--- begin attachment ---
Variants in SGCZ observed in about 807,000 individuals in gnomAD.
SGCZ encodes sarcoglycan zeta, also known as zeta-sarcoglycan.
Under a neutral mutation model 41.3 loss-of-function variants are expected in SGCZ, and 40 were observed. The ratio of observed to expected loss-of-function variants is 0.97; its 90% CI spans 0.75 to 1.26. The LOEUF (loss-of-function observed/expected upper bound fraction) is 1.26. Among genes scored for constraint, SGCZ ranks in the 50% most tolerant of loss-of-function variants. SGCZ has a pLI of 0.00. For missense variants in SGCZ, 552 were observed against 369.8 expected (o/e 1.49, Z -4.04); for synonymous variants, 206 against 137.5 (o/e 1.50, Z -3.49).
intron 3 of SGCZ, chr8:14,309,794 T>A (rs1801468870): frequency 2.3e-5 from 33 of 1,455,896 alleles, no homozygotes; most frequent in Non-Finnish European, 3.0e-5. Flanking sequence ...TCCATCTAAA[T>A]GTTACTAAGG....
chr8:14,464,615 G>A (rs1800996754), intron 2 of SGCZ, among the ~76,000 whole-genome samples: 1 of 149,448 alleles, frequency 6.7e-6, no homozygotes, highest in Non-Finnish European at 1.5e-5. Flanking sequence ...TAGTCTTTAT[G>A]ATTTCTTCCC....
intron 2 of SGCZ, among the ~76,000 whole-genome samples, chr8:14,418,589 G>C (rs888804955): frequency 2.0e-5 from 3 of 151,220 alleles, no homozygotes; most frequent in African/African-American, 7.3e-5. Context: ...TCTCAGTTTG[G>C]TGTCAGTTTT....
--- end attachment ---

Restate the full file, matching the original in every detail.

Variants in SGCZ observed in about 807,000 individuals in gnomAD.
SGCZ encodes sarcoglycan zeta, also known as zeta-sarcoglycan.
Under a neutral mutation model 41.3 loss-of-function variants are expected in SGCZ, and 40 were observed. The ratio of observed to expected loss-of-function variants is 0.97; its 90% CI spans 0.75 to 1.26. The LOEUF (loss-of-function observed/expected upper bound fraction) is 1.26. Among genes scored for constraint, SGCZ ranks in the 50% most tolerant of loss-of-function variants. SGCZ has a pLI of 0.00. For missense variants in SGCZ, 552 were observed against 369.8 expected (o/e 1.49, Z -4.04); for synonymous variants, 206 against 137.5 (o/e 1.50, Z -3.49).
intron 3 of SGCZ, chr8:14,309,794 T>A (rs1801468870): frequency 2.3e-5 from 33 of 1,455,896 alleles, no homozygotes; most frequent in Non-Finnish European, 3.0e-5. Flanking sequence ...TCCATCTAAA[T>A]GTTACTAAGG....
chr8:14,464,615 G>A (rs1800996754), intron 2 of SGCZ, among the ~76,000 whole-genome samples: 1 of 149,448 alleles, frequency 6.7e-6, no homozygotes, highest in Non-Finnish European at 1.5e-5. Flanking sequence ...TAGTCTTTAT[G>A]ATTTCTTCCC....
intron 2 of SGCZ, among the ~76,000 whole-genome samples, chr8:14,418,589 G>C (rs888804955): frequency 2.0e-5 from 3 of 151,220 alleles, no homozygotes; most frequent in African/African-American, 7.3e-5. Context: ...TCTCAGTTTG[G>C]TGTCAGTTTT....